The S.S. Tarpon

Before the coming of the railroad, St. Andrew Bay depended on water for transportation and the shipping and receiving of goods and people.

On January 28, 1903, the steamship S.S. Tarpon began sailing on a weekly trip stopping at Panama City, Millville, St. Andrew, Pensacola, Apalachicola, Carrabelle, and Mobile. Captained by Willis Green Barrow, the Tarpon was 160 feet long with a tonnage of 450 tons. Captain Barrow was the only captain of the rugged Tarpon. He was a rough salty seadog to his men but charming to the ladies and a hero to the children.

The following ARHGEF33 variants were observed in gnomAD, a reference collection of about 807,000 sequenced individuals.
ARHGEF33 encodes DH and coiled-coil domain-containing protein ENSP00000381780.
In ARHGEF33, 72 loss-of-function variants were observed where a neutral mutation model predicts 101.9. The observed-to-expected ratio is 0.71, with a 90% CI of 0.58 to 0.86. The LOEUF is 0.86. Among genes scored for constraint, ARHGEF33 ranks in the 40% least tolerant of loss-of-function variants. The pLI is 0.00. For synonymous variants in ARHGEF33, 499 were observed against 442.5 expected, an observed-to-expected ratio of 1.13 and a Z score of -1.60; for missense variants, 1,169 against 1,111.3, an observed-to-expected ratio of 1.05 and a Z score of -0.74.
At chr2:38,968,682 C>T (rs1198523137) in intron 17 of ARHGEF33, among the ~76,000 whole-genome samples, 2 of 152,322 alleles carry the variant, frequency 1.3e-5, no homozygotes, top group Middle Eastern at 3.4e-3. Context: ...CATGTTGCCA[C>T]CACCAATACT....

For 34 years the Tarpon made scheduled trips as the primary source of passenger and freight traffic. The final journey ended when she was caught in a storm on September 1, 1937 off the coast of Panama City Beach. Aboard were 31 passengers, machinery, barrels of flour, and about 300 cases of beer. In addition to the loss of cargo, 18 of the 31 people aboard were lost. The good ship Tarpon went to her last resting place carrying her faithful captain, Captain Barrow, to his death.


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